Sun offers up free StarOffice office apps suite

Competitor to Microsoft Office now available for free download; Sun to open source code

August 31, 1999 -- Choosing not to issue any direct challenges to Microsoft, Sun Microsystems announced the upcoming release of StarPortal, a free Web-based software suite targeted as a competitor to Microsoft's Office and based on technology acquired when Sun bought Star Division.

The StarOffice software suite, which contains word processing, spreadsheets, and presentation applications, is immediately available for free download from Sun's Web site. The 65MB version for "fat" clients, will be followed early next year by StarPortal, the Web-based version that will be accessible from any device with a browser, Sun said.

"Today, we dot-com the office," said Ed Zander, chief operating officer at Sun, at a press conference in New York City on Tuesday, August 31. "We understand that there is a prevailing way of doing [office productivity] and that is with a fat client. But we are not interested in competing with Microsoft on a fat-client basis. This is a network play."

Sun is offering the current StarOffice desktop software for free download at http://www.sun.com/staroffice. StarOffice 5.1 runs on the Linux, Windows, Solaris, and OS/2 operating systems. Users will be able to import various software file formats, including those from PowerPoint, Excel, and Microsoft Word, officials said.

Users of Microsoft Office and other similar software will not need much, if any, training to use StarOffice, according to Sun, and will have immediate access to Office files, which they will be able to modify and export.

In support of that claim, Zander displayed a quote from the testimony of Microsoft senior vice president Paul Maritz from the software giant's antitrust trial against the Department of Justice that read, "it is relatively easy for customers used to [Microsoft] Office to switch to StarOffice."

Upon showing the quote, Zander quipped, "and it was under oath, so you know it must be true."

Zander then introduced Star Division wunderkind, Marco Boerries, the new vice president and general manager of Webtops and desktops at Sun. Having started the company at the tender age of 16 in Germany, Boerries assumed the stage as if he had won the lottery, high-fiving Zander.

During the demonstration of the software, there was a noticeable difference in the run times between a locally run version of StarOffice, and the demo of StarPortal running over the Internet. In response to the delays, Boerries said only, "Probably there is some congestion."

Sun then paraded various partners on stage, one of which had made an appearance endorsing Sun competitor Compaq's eight-way servers only two weeks prior in the same hotel. A lot can change in two weeks, apparently, when Bobby Patrick, vice president of strategy and development at Digex claimed that, "Digex has chosen all Sun for our servers." Compaq could not be reached for comment.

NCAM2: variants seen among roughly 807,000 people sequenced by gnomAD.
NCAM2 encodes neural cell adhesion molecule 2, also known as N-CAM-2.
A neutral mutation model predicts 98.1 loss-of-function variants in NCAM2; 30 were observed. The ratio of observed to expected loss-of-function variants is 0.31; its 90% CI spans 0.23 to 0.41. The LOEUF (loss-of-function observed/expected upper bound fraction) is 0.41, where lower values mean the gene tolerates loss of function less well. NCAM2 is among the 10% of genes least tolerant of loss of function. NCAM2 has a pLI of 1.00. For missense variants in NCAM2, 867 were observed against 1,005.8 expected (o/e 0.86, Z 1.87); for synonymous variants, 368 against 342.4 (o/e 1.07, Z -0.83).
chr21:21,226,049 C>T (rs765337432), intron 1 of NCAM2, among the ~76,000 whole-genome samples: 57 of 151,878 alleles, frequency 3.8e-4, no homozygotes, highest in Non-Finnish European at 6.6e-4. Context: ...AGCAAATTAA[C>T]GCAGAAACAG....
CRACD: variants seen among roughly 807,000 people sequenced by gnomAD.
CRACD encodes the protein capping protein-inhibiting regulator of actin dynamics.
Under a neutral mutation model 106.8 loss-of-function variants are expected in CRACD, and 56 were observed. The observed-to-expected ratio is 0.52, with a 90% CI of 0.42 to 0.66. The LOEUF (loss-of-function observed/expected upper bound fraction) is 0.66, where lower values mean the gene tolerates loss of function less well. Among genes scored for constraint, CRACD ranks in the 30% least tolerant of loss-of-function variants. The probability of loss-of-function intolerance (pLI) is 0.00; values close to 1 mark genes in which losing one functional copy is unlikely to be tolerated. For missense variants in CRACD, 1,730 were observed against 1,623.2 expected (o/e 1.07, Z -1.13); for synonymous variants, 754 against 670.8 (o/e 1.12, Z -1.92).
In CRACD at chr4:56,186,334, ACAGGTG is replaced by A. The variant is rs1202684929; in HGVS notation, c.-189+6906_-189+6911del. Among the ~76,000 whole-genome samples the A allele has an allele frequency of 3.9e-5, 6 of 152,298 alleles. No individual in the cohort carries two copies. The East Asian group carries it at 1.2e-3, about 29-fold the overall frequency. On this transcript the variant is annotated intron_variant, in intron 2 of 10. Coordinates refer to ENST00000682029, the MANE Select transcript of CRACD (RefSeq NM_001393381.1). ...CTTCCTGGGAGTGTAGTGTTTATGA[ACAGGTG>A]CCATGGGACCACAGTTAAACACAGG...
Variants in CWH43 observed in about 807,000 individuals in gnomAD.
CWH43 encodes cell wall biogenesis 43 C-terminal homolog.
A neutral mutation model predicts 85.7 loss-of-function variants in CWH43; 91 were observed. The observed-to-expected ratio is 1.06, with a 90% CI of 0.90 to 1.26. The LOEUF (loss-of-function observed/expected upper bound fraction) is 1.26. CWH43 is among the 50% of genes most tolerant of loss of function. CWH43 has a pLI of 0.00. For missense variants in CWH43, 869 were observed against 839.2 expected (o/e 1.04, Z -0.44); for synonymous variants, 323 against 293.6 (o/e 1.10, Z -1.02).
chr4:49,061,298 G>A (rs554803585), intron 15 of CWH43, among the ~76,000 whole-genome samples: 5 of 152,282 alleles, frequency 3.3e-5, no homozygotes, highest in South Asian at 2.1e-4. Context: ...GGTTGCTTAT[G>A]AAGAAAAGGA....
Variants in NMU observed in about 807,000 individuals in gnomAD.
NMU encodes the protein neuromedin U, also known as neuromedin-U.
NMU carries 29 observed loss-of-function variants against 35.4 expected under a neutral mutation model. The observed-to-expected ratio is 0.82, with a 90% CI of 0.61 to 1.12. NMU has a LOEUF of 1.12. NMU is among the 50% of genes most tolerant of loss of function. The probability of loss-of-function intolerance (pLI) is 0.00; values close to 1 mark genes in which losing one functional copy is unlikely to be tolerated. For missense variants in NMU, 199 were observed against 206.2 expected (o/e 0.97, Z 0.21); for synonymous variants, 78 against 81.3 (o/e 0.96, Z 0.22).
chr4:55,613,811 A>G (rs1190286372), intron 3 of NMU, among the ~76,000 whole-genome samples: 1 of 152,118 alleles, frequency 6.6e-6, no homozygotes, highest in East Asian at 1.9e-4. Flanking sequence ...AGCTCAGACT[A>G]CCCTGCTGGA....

Sun CEO Scott McNealy took the stage at the end of the presentation and again deflected the attention away from a head-to-head battle with Microsoft over control of the desktop.

"People are talking about this being a battle of one company against another, but I look at it as a battle between a service provider and desktops apps that make me my own personal systems administrator," said McNealy. "And you can't beat the price, unless we start mailing checks to you to use it."

McNealy explained that the source code would also be made available, and encouraged developers to port the platform to Apple. He suggested that PC makers bundle the software on their systems, and even went so far as to suggest the government use it and lower taxes as a result of all the money they would save. As for when Microsoft plans to offer its software for free and on an Internet basis, one Sun executive said they have a long way to go.

"They have some baggage and will have to figure out how to get there," said Brian Croll, senior director of product marketing for Sun software products and platforms. "We don't know how long it will be, but we know that have to do a lot to get there."

Microsoft did not immediately respond to requests for comment. StarOffice CDs are priced at .95; the software also can be ordered with printed documentation and support, priced at 9.95. Additional support services will be announced later, Sun said.

Sun is in talks with Internet service, Internet outsourcing, and network hosting providers and with vendors of enterprise resource planning, customer relationship management, and sales-force automation software to promote acceptance of its network services model through use of StarPortal.

Sun is promoting a network services business model in which companies turn over to service providers such tasks as managing networks, servers, and applications.

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This story, "Sun offers up free StarOffice office apps suite" was originally published by InfoWorld.